This is the place to keep up to date with news of special events, culinary innovations and new arrivals among our herds of deer.
Our deer family is growing as we approach the rut! We are delighted to be welcoming some impressive new stags to our farm for breeding. These are carefully selected to ensure that the quality of our farmed deer is protected.
We will be adding a Manchurian sika stag and a white (red) stag. There are about 17 different sika species that have evolved from the various islands in Japan all with distinct features. The Manchurian sika is one of the larger species and when fully grown can weigh up to 70kg. By comparison an average adult man in Britain weighs 79kg!
Sika are renowned for their repertoire of calls. From groaning stags to clacking noises, whistles and screams, they have a huge variety of vocalisations used in many different situations. Both sexes bark when alarmed.
We have also found a magnificent white stag – a handsome addition to our farm. In certain cultures around the world there is mysticism around white deer. Striking in appearance the white stag, or hart, often appeared in stories relating to the forests around King Arthur’s court, sending the knights on adventures against Gods and fairies. One fable tells the story of how King Arthur arrived at Sir Pellinore’s Well, a magical site, without his hunting party or his horse after pursuing a white deer. The white stag was also the heraldic symbol of England’s King Richard II and even makes an appearance in Harry Potter as Harry’s Patronus Charm!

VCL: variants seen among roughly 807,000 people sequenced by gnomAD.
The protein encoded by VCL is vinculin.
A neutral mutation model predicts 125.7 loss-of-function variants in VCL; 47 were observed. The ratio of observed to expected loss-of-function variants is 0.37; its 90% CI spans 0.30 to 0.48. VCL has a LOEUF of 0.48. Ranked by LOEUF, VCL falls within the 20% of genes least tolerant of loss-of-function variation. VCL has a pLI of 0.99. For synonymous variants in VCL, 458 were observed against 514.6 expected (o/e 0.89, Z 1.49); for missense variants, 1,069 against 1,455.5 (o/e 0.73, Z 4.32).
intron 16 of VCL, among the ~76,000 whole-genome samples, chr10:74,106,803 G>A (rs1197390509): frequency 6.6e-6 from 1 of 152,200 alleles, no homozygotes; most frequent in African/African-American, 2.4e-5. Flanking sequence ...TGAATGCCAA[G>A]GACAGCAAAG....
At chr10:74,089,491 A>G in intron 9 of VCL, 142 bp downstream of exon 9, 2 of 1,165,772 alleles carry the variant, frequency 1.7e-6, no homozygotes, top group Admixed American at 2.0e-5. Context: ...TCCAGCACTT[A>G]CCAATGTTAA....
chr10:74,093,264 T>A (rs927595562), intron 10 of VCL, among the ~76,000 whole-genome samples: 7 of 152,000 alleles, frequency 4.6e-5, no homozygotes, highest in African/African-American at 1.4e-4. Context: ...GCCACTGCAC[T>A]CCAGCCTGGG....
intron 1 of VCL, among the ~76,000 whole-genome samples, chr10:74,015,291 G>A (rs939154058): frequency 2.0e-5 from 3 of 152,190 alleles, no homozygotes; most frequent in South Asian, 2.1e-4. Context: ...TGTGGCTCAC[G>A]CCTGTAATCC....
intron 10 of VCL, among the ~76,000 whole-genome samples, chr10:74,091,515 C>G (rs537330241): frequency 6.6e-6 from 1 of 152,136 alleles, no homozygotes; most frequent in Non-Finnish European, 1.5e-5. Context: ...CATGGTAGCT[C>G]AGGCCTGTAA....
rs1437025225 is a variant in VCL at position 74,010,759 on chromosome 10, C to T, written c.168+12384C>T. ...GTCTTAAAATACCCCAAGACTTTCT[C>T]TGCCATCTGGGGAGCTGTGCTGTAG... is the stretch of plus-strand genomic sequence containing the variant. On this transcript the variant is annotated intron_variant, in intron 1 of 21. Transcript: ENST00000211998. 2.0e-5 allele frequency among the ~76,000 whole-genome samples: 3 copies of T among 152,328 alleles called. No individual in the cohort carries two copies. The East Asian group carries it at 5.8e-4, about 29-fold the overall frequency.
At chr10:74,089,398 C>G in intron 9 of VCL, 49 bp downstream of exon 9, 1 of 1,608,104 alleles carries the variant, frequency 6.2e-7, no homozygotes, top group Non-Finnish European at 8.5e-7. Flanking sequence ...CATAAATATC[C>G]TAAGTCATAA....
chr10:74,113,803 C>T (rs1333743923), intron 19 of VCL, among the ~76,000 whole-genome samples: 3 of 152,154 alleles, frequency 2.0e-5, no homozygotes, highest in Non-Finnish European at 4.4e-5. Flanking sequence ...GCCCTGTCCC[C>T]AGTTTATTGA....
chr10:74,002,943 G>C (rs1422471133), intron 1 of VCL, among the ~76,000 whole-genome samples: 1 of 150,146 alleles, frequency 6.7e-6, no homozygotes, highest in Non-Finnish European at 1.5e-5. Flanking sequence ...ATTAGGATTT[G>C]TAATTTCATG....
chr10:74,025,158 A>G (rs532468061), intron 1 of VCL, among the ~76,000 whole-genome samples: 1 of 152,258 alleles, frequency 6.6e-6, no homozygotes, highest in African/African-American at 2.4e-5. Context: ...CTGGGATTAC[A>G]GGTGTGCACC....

Our Estate Manager, Dominic Strutt, said: “We have carefully selected our new stags to ensure their genetics continue to enhance the quality of our progeny born on the farm. The rut is impressive. The start date varies depending on the species – with red deer it starts in mid September. During this time the stags will roar and display – in the wild you would see them fighting. At the farm we single sire rut to control the exact genetic cross between sire and dam”.
Prior to the rut, when in hard antler, all the stags’ antlers are removed for safety. This process is equivalent to trimming your toenails – removing the tissue that is no longer growing. The antlers are removed above the coronet leaving a small stump of dead antler. In wild deer, the antlers would fall off naturally, with the new antlers growing back in the Spring.
Safety comes first at Sky Park Farm and we ask all visitors to ensure they only feed the deer under supervision from a Ranger in the feeding enclosure during the rut. The stags that only a few weeks ago were happily feeding from visitors’ hands can be dangerous and cause harm if not treated with respect, as they are pumped up with testosterone and can see people as a threat to their harem of hinds – in the same way a bull would be with cows. By deantlering and watching our behaviour around the stags, we protect our hinds, stags, visitors and farmers!
Please ask at the Visitor Centre for more information on feeding times.
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